IDFPR Investigation FAQs
The Illinois Department of Financial and Professional Regulation (IDFPR) does more than just issue licenses to qualified professionals, they are also tasked to monitor those licensed professionals actions and behaviors, ensuring they meet the standards required to obtain the licenses. If you are under investigation by the IDFPR, here are a few key questions read over concerning your situation.
What to do if under IDFPR investigation?
If you are under investigation by the IDFPR, you should contact an attorney immediately. Choosing an attorney is always a complicated process. In doing so, important factors to consider include: does the attorney have experience in licensing/IDFPR issues and can he or she guide you through the often complicated process? Licensees who represent themselves before the IDFPR may not receive same level of attention as those represented by an attorney, which means your license and livelihood might be at greater risk than if you have legal representation. If you have received a notification from the IDFPR, contact the attorneys of Bell & Shah, LLC, immediately before the investigation begins, if possible. We have a wealth of experience in working on IDFPR matters and are available to help you navigate through these difficult situations.
Do I need an attorney if the IDFPR has contacted me regarding allegations of misconduct?
You are not required to have an attorney during such misconduct hearings, but it is strongly recommended that you retain one. Our experience over years of dealing with the IDFPR has revealed that the process tends to be far less problematic for those that proceed through IDFPR proceedings with an attorney than those without. Frequently, those with an attorney seem to obtain better results faster as well.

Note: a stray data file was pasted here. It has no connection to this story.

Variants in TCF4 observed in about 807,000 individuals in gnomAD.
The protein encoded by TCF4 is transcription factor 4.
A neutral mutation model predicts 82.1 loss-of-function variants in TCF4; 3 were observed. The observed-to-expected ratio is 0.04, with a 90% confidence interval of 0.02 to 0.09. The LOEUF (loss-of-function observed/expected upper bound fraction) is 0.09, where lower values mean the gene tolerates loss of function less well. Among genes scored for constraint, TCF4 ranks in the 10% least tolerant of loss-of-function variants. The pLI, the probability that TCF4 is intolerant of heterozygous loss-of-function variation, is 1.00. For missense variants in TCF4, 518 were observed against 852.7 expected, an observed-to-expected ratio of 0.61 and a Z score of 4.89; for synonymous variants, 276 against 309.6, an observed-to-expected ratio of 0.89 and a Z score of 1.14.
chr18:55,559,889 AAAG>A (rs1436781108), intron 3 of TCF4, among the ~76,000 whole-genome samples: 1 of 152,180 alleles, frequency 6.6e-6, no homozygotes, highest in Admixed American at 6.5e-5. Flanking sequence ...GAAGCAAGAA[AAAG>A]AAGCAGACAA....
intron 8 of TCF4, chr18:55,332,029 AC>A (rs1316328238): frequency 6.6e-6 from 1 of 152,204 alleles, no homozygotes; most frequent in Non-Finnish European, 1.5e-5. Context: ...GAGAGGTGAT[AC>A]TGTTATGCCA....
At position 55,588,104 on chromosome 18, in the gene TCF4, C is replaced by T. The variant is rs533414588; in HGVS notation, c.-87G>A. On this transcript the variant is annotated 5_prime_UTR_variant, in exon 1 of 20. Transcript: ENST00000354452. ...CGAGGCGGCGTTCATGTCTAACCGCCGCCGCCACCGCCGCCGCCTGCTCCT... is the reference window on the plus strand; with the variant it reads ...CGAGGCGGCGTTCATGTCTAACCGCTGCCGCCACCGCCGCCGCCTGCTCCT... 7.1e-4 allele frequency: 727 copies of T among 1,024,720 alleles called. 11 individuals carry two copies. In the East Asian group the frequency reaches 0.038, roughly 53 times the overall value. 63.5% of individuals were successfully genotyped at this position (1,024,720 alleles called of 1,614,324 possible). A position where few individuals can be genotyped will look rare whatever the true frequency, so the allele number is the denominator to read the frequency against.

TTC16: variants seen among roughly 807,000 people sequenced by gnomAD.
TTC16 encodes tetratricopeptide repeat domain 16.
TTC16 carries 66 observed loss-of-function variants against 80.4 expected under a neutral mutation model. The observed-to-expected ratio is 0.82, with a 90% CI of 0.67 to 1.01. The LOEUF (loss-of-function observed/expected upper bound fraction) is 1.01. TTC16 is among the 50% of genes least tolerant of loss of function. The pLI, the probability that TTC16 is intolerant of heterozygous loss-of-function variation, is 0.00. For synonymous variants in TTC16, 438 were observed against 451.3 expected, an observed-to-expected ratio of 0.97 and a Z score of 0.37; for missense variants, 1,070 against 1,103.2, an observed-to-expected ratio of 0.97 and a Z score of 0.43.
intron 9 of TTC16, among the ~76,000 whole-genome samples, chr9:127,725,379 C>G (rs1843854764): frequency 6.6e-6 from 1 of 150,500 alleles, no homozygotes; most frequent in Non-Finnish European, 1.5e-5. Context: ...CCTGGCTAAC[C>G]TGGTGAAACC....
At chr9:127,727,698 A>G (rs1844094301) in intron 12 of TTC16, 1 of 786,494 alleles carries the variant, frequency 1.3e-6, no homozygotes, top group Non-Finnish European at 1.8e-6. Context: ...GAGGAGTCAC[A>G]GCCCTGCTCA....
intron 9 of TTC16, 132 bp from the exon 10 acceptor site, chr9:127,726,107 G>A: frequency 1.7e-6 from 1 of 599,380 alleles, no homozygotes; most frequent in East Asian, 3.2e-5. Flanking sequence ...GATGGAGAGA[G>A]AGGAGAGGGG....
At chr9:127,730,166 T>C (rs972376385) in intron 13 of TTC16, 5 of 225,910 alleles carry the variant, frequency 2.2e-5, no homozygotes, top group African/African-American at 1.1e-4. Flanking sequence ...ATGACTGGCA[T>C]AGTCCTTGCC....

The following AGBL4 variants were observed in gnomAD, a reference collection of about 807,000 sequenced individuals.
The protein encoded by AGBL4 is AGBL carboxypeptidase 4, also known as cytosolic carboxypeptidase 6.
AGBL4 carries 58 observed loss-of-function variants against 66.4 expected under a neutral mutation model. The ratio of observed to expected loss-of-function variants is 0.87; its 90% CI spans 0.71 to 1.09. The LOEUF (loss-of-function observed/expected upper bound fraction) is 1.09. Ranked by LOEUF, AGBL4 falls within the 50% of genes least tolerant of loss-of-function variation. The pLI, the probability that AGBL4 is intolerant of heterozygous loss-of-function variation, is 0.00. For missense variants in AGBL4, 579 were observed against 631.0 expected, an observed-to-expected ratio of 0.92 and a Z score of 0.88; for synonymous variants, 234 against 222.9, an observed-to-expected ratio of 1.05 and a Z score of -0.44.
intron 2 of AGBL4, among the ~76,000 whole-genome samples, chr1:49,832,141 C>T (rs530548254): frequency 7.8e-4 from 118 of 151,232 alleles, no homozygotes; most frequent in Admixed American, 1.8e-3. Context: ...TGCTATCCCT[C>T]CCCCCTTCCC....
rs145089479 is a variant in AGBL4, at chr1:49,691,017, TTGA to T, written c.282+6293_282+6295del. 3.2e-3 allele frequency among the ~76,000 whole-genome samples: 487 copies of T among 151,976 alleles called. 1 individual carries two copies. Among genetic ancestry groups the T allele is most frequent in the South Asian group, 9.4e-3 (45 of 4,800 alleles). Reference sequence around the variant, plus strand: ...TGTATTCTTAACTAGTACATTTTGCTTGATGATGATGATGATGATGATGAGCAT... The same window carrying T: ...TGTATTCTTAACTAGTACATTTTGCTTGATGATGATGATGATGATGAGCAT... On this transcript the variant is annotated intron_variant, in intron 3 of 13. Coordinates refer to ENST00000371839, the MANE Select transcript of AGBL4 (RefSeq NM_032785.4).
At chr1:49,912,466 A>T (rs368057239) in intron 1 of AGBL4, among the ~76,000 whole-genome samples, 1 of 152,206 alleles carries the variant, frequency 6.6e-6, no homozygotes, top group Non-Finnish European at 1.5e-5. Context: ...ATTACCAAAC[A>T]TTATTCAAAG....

Do I need a lawyer if I have an informal conference scheduled?
No, but it is strongly recommended that you retain one. Our experience over years of dealing with the IDFPR has revealed that the chances of obtaining positive results at informal conferences increase dramatically with the assistance of representation. Frequently, the conferences also seem to proceed in a far less adversarial manner when you are represented by counsel.
What should I do if the IDFPR wants to suspend or revoke my license?
What should I do if the IDFPR wants to suspend or revoke my license? Professionals with licenses in good standing may continue to practice during the investigative and complaint process unless the IDFPR indicates otherwise. If you are faced with a potential disciplinary matter, obtain a copy of the complaint or notice from the IDFPR as well as all supporting documentation and then contact our office to schedule a consultation.
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